SEOUL, South Korea— The Latest on President Donald Trump’s visit to Asia. (all times local):
President Donald Trump and North Korea’s Kim Jong Un shook hands across the border at the Korean Demilitarized Zone, in an historic photo-op as Trump seeks to make a legacy-defining nuclear deal with the North.
It is the third time the two leaders have met, and the first since a failed summit on the North’s nuclear program in Vietnam earlier this year. Trump briefly crossed the border into North Korea after greeting Kim.
There are as yet no indications of a breakthrough in the stalled negotiations to end the North’s nuclear program.
President Donald Trump is meeting with several dozen troops stationed at the Korean Demilitarized Zone separating South and North Korea and telling them, “We’re with you all the way.”
The troops include both U.S. solders as well as South Korean troops.
Trump was joined by South Korean President Moon Jae-in, who is praising Trump for deciding to meet shortly with North Korea’s Kim Jong Un. He’s calling it “a bold decision”
Trump has at times appeared to question the value of keeping U.S. troops on the Korean Peninsula in light of the U.S.-South Korea trade deficit.
President Donald Trump is griping about the press not giving him sufficient credit for improved U.S. relations with North Korea as he pays an historic visit to the Korean Demilitarized Zone.
Trump is telling reporters as he stands atop Observation Post Ouellette that there has been “tremendous” improvement since his first meeting with the North’s leader Kim Jong Un in Singapore last year.
Trump says the situation used to be marked by “tremendous danger,” but that, “After our first summit, all of the danger went away.”
And he’s chastising reporters, saying “they have no appreciation for” for changes in the North, which he’s calling a “very different place.”
Trump has been criticized for meeting again with Kim when the North continues to test short-range missiles and has not moved forward with a pledge to denuclearize.
President Donald Trump is getting his first glimpse of North Korea from an observation post in the Korean Demilitarized Zone.
Trump, wearing a suit, is being shown various landmarks as he stands atop Observation Post Ouellette.
It’s his first stop on his first visit to the border between the North and the South, which will include another face-to-face meeting with North Korea’s Kim Jong Un. His last attempted visit was thwarted by bad weather.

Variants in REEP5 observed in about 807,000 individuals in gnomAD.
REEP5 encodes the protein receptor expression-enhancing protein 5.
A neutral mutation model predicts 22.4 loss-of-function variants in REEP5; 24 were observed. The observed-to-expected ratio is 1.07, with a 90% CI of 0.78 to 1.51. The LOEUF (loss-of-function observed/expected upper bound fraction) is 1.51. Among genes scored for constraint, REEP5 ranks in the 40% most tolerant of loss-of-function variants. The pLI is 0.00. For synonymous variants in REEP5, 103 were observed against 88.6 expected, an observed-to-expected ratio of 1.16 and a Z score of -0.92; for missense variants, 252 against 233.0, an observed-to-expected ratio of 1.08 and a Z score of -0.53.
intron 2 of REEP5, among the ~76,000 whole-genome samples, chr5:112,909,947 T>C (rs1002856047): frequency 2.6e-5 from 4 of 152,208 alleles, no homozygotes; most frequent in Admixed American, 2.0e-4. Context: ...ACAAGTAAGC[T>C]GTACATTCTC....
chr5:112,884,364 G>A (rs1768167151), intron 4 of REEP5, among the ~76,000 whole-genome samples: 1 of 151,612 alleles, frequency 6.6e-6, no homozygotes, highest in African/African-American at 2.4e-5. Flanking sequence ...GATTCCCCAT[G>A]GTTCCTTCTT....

South Korean President Moon Jae-in announced earlier Sunday that Kim had accepted Trump’s tweeted invitation to meet at the heavily fortified site at the Korean border village of Panmunjom
President Donald Trump is making his first visit to the Korean Demilitarized Zone ahead of a meeting with North Korea’s Kim Jong Un.
Trump arrived by helicopter Sunday near the Panmunjom truce village. He was also expected to visit an observation post and greet U.S. and South Korean troops.
Trump told reporters at a news conference with South Korean President Moon Jae-in that he and Kim will “just shake hands quickly and say hello” at the historic meeting at the Korean border village.
Trump on Saturday invited Kim to meet him at the border for a symbolic handshake. He expressed openness to briefly crossing into North Korean territory if Kim accepted.
Every president since Ronald Reagan has visited the 1953 armistice line, except for George H.W. Bush, who visited as vice president.
President Donald Trump is on his way to the Korean Demilitarized Zone for a historic meeting with North Korea’s Kim Jong Un.
Trump departed Seoul by helicopter on Sunday afternoon shortly after South Korean President Moon Jae-in announced that Kim had accepted Trump’s invitation to meet at the heavily fortified site at the Korean border village of Panmunjom.
Trump told reporters before departing that he looked forward to seeing Kim and to “shake hands quickly and say hello.”
The meeting is set to mark yet another historic first in the yearlong rapprochement between the two technically warring nations. It also marks the return of face-to-face contact between the leaders since negotiations to end the North’s nuclear program broke down during a summit in Vietnam in February.